What car will incur no engine damage when timing belt breaks


#1

What cars, made in the last 10 years, will incur not engine damage when the timing belt breaks. I think most would have pistons crashing into valves, but it would be nice to know which ones will not, so if we are lazy or cheap, there is no harm done, except to be left by the side of the road.


#2

Anything without an interference motor. If you have something in mind why don’t you post it and we can tell you if it has one or not.


#3

Here ya go: http://www.gates.com/downloads/download_common.cfm?file=428-1466_web.pdf&folder=brochure

This PDF will give you info for every modern car on the road as to whether the engine is an interference type or not.


#4

Most Hondas have interference engine, as well as Hyundai & Kia.


#5

Cool!! Thanks for the link. I’m not the OP, but I’m sure we all appreciate the knowledge.


#6

Seems like awful criteria for buying a vehicle. If you neglect it why worry if it has a timing belt or not?

Unless you have AAA or other free towing I cannot see how it better to pay for a tow to an unknown garage possibly either.


#7

The lack of concern on the part of engine manufacturers regarding piston/valve interference is appalling. The lack of an indention for each valve in the pistons would make the engine “idiot” proof, and the cost of the indentions would be virtually ZERO. Such stupidity regarding this subject makes me suspicious of an entire manufacturer’s offerings. The drastic decline in value of Hyundais and KIAs is due in large part to their very poor reliability once in the hands of the final owners, the poor and poorly informed. This group has, in the past, kept the big domestic tanks like Caprices and Crown Vics running for years and seems to be replacing them with SUVs and the base model Camrys. The bottom market wants a car that can be driven until it fails, easily diagnosed and cheaply repaired.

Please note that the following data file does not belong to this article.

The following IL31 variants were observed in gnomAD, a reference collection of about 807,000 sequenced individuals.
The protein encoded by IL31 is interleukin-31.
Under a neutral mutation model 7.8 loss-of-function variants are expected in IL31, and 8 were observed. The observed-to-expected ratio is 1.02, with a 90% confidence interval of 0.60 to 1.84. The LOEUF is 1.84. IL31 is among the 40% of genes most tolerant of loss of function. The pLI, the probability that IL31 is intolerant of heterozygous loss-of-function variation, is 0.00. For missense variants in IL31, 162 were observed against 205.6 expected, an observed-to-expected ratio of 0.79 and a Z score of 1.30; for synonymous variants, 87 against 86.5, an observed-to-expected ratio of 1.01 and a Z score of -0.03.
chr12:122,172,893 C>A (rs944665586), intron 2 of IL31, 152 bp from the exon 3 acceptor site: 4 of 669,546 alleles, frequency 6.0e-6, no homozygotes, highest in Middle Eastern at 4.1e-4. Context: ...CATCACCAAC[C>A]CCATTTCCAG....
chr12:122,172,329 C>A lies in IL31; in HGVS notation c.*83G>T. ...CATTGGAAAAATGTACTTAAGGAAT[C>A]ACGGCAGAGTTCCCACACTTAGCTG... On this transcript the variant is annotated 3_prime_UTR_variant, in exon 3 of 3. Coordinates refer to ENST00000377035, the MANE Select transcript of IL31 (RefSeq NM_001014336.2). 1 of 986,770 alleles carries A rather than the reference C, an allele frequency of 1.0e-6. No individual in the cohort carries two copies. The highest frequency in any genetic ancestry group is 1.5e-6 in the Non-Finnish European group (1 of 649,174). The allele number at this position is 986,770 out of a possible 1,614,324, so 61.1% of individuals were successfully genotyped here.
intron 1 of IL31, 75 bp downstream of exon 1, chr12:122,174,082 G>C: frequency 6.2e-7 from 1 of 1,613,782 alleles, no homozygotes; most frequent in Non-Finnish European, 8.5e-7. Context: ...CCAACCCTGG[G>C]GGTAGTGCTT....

#8

I’ve noticed that manufactureres are going back to chains now. You may want to check this out on models you’re looking at.


#9

Car makers, especially US companies, have always have timing chains. They never stop making them. But they added the timing belts system giving buyers a choice. So why bother with timing belts cars when you can buy cars with timing chains? Aside from less maintenance & saving money, you have peace of mind.


#10

Tight emissions standards forced manufactures to do away with the piston indentations that would make a engines non interference. The only engines that are non interference are under square (long stroke) engines that have the piston clearance naturally without needing piston indentations.


#11

Belts generally end up being lighter and quieter.


#12

I personally prefer timing belts as long as they’re reasonably easy to service. Far more quiet than chains, less rotating mass, prevents the issue of poor timing that you experience when a chain gets worn and develops slack, etc.


#13

“The lack of concern on the part of engine manufacturers regarding piston/valve interference is appalling.”

It is not as simple as that. In the effort to increase power, mileage, engine life (assuming you change the belt) and reduced emissions, interference is one of those things that sometimes looses out.


#14

This is an easy question to answer.
A matchbox car.